Two Water Advisory Committee members have developed a water rate structure that could have Davis residents paying the fairest water bills in the state, regardless of which multimillion-dollar surface water project the city chooses to bring a new water source to Davis.
Frank Loge, a UC Davis professor of civil and environmental engineering, and Matt Williams, an El Macero resident, were appointed to the water committee last year to determine, among other things for the city and its water issues, the fairest way to bill residents for water.
Rather than picking from a list of rate structures that cities across the state already employ, the pair have come up with a proportional fixed-fee structure based on water consumption history that could balance water bills in Davis.
The potential rub is that it’s a system that has never been tried before in California.
Like many public agencies in the state, Davis uses a tiered water rate structure where customers pay a fixed rate based on the size of their water meter and then a variable rate based on how much water they use.
Williams and Loge say this type of system does not treat all water customers equally.
“While meter size-based fixed rates seem proportional and fair at first sight, they are a simplistic, indirect and inexact measure of proportionality,” the pair wrote in a handout for a presentation they will give next week at a UCD conference.
“Meter size-based rate schemes are … based on the potential demand, rather than the actual demand a consumer places on the (water) system.”
Basically, any household of the same meter size — which determines the maximum capacity of water a house can access — pays the exact same fixed rate regardless of how much water they use.
“Thrifty and extravagant water users pay the same fixed fee, but derive entirely different benefits from the system they fund with their fixed fees,” the committee members wrote. “The thrifty user’s fixed fees (actually) cover some of the fixed costs the wasteful user imparts on the system, in effect subsidizing the water waster.”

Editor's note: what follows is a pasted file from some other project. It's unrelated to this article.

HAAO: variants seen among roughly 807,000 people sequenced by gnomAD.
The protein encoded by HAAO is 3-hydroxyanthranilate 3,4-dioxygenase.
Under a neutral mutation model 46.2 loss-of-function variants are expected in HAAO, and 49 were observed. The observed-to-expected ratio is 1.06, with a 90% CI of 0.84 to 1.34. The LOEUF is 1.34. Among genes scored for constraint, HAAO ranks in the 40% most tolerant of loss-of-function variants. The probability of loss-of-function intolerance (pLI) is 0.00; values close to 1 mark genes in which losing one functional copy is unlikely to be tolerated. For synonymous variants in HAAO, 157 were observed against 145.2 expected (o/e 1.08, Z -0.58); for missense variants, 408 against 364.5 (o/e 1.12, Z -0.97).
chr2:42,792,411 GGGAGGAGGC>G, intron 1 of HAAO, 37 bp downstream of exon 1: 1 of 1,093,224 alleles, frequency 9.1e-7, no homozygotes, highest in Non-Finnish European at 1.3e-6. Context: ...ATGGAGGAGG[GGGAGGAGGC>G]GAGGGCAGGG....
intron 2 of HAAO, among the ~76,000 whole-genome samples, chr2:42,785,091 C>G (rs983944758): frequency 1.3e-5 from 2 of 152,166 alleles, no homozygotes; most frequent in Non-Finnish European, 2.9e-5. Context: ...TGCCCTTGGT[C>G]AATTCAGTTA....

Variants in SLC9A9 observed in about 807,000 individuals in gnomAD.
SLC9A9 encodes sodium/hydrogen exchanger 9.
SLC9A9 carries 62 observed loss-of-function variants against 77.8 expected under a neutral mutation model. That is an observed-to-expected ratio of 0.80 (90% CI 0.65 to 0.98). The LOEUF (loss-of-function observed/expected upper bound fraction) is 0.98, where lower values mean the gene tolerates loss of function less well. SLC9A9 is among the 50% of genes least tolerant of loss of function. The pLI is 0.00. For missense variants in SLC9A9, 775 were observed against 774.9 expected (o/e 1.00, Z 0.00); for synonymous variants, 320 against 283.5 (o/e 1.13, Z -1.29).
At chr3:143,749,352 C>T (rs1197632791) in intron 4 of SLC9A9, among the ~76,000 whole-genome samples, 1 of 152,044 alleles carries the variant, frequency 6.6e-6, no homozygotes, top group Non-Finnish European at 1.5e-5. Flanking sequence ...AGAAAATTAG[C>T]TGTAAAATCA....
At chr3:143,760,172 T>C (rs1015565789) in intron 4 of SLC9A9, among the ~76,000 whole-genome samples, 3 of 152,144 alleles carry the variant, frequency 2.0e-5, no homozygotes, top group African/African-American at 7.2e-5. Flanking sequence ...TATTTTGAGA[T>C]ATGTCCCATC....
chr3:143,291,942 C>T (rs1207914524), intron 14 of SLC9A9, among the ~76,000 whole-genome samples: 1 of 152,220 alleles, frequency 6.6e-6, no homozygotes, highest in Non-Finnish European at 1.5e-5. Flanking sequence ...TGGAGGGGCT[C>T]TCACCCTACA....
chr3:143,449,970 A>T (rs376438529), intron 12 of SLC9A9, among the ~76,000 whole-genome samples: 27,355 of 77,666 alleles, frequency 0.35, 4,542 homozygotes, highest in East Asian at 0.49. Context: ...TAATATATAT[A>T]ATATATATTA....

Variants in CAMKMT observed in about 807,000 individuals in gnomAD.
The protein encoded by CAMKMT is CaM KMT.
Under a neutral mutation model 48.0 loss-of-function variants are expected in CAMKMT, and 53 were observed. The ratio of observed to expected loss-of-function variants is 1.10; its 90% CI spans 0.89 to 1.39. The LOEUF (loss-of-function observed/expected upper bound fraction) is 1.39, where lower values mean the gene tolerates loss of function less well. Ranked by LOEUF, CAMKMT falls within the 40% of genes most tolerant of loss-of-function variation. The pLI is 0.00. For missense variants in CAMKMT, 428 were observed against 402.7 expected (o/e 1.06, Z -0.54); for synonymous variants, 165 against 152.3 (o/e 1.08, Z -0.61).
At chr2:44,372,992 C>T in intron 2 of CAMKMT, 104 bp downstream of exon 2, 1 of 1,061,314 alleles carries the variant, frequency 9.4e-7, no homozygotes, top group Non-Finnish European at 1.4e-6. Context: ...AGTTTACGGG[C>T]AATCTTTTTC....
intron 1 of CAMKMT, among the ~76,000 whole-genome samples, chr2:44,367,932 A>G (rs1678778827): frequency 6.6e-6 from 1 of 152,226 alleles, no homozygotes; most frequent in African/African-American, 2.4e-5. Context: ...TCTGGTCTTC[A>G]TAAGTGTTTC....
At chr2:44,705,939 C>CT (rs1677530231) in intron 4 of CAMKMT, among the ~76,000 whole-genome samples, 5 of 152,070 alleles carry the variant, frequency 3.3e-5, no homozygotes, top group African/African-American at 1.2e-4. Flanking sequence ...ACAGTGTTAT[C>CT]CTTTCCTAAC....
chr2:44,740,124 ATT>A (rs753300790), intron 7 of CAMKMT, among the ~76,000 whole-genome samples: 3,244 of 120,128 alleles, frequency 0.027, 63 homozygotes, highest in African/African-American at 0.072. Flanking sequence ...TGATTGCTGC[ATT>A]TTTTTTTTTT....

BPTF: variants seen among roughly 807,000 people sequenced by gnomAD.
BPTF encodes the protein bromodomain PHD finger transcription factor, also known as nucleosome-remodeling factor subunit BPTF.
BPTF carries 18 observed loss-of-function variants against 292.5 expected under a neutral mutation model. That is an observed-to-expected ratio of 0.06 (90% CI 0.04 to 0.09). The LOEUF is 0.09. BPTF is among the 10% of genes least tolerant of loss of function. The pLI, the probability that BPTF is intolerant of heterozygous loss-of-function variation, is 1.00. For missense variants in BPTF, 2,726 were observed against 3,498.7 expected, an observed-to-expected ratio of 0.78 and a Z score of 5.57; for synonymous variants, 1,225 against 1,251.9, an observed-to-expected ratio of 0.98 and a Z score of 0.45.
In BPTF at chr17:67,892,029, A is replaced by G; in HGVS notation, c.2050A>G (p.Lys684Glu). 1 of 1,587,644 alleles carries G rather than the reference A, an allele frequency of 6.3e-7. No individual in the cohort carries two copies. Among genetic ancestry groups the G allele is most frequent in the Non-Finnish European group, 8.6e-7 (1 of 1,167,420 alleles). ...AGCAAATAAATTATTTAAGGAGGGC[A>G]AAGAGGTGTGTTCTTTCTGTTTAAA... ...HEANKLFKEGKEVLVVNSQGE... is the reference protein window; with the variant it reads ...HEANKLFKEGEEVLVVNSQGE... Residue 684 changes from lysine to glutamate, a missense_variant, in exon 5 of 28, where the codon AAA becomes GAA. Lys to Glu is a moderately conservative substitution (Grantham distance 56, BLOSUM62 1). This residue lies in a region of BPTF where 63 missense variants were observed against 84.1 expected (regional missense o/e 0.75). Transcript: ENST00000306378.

Loge puts it in another way.
“Roughly half of the people in Davis are subsidizing the water use of the other half,” he said Thursday. “That’s a specific example of how the current rate structure is not equitable.”
The city then would determine what percentage of the its water system the customer had used over the past year and set a proportional fixed rate according to that usage that would be assessed for the next 12 months.
Loge and Williams would have the variable rate remain a tier structure where residents pay for water at a set rate until they’ve used enough to where they’re required to pay more.
However, Herb Niederberger, the city’s new general manager of utilities, development and operations, has concerns that Williams’ and Loge’s proposal might be difficult to run in Davis.
“Rates based upon historical consumption patterns are difficult to employ in communities with a high number of rentals and transient populations,” Niederberger said in an email. “Most college communities meet this description.
“It is much easier and more industry-acceptable to employ a rate structure that features a fixed charge based upon service or meter size, and variable charge based upon consumption, with inclining blocks to encourage conservation.”
That being said, City Manager Steve Pinkerton recognizes that the structure Williams and Loge have developed has potential and says city leaders will keep an open mind about it.
However, Pinkerton also believes that implementing the system in the short time frame the city has to put a surface water project and a corresponding rate structure to a vote could be difficult.
“We just don’t want to make a $10 million mistake,” he said Friday.
Loge and Williams understand there will be many questions that come along with this new structure, but should the city decide to pursue it, they believe the benefits could be great.
According to Pinkerton, the city has asked Bartle Wells Associates — the consultant it hired to help it make a decision on rates — to look at the structure Williams and Loge have come up with and compare it to the two other rate structures the Water Advisory Committee has to consider.
Loge sees the request as a good sign.
“I kind of see it as, if the city is willing to spend money on it, they must be interested,” he said.
The two other types of structures Bartle Wells Associates likely will propose include a basic tiered structure, where the unit price of water changes with each preset block of usage, and a water budget structure, a type of inclining-block rate with individualized allocations of water based on specific customer characteristics like the number of household members or landscaped land area.
— Reach Tom Sakash at email@example.com or 530-747-8057 or follow him on Twitter @TomSakash